There’s another great post on the excellent blog Strange Maps focusing on this fascinating “cartogram of regional political mentalities in Switzerland.” Here’s how to read it:
A cartogram being a map morphed by non-geographic data, there is very little left of Switzerland’s familiar shape to recognise here. The confederation’s centuries-old cartographic persona is transformed by two axes, from liberal to conservative (north-south) and from left-wing to right-wing (east-west). The colours denote the country’s main language areas: German (green), French (red) and Italian (yellow)*. Higher altitude lines correspond with higher population density…
The French-Swiss area generally is more liberal and left-wing than the rest of Switzerland, but with significant internal diversity. The municipality of Collonge-Bellerive is among the most liberal in Switzerland, but is rather more right-wing than Geneva (marked in German as Genf) and Lausanne, the largest cities of la Suisse romande (French-Switzerland). And Delémont apparently is the hotbed par excellence of socialist agitation in Switzerland. Italian-Switzerland is equally left-wing, but not quite so liberal as the French-Swiss.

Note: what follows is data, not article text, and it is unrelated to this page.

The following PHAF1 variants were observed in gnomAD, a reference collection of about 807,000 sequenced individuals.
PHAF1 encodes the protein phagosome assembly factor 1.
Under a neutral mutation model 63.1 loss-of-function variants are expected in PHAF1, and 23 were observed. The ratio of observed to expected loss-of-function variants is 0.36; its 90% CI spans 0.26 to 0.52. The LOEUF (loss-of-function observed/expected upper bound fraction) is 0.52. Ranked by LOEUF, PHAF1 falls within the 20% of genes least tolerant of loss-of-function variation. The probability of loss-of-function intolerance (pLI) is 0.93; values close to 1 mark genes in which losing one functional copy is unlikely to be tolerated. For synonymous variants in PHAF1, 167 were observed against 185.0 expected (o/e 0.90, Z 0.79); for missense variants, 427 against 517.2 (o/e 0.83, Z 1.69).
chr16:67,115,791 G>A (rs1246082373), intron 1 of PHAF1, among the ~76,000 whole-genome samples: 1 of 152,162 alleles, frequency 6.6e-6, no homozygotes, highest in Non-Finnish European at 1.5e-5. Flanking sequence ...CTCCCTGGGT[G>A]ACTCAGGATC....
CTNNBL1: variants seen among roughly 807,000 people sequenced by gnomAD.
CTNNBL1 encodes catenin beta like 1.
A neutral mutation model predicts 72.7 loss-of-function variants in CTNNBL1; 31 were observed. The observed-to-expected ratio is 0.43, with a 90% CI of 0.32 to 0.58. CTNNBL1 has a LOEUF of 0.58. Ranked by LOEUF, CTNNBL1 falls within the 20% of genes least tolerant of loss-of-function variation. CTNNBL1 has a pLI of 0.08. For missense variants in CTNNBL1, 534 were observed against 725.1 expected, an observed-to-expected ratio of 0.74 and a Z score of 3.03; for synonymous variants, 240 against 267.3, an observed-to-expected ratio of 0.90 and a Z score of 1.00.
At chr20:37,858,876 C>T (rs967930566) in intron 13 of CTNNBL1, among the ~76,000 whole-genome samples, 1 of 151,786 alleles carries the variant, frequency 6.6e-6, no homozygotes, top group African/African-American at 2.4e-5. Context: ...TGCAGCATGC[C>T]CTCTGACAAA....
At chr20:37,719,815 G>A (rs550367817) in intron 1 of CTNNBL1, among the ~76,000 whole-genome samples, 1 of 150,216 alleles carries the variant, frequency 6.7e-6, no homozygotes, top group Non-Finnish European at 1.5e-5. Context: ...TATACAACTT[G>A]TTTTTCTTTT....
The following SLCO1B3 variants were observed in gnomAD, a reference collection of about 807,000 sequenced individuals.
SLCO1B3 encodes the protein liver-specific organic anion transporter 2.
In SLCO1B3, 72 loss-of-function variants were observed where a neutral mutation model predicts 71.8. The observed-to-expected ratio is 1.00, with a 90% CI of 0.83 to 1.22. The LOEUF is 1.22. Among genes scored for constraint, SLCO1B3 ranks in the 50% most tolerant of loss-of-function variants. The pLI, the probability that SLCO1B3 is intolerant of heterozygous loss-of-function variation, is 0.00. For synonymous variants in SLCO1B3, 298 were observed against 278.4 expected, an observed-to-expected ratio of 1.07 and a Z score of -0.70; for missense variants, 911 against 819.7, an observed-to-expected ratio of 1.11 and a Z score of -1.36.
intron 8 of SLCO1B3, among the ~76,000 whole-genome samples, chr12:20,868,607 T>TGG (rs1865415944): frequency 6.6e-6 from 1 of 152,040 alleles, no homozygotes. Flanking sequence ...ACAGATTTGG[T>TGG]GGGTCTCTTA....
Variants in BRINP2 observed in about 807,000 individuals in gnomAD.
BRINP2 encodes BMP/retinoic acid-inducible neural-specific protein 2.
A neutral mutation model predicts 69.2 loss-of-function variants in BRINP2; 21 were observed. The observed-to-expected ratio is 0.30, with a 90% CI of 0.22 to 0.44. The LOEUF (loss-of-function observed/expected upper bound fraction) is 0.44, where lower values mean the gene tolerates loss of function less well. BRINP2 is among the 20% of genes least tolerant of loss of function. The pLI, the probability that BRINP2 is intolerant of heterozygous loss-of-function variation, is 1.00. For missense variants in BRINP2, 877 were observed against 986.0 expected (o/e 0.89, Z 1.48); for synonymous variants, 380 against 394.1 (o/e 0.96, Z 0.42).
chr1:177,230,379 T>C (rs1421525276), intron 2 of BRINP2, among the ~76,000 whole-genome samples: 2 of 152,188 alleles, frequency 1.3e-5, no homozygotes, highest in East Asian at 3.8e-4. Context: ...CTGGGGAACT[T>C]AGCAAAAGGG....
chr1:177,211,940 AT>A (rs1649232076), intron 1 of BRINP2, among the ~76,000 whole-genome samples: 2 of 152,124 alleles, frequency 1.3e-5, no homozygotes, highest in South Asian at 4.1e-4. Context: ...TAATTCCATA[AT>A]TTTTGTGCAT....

I’m hoping that one of the many talented and quantitatively-minded Lebanese graphic designers (which is, let’s face it, just a euphemism for “Lebanese person under age 40”) reading this blog tries their hand at coming up with a cartogram of regional political mentalities in Lebanon.
In other news, read Ben Gilbert’s excellent piece on the renovation of Beirut’s synogogue, and Sami Moubayed breaks some news on the likely makeup of the next cabinet (a 15-10-5 format, as forecasted here a couple of weeks ago) with Ziad Baroud remaining as Interior Minister (although this is not final… Aoun reportedly wants either the Interior or Finance portfolio for the FPM, and I just can’t see Hariri giving up the latter).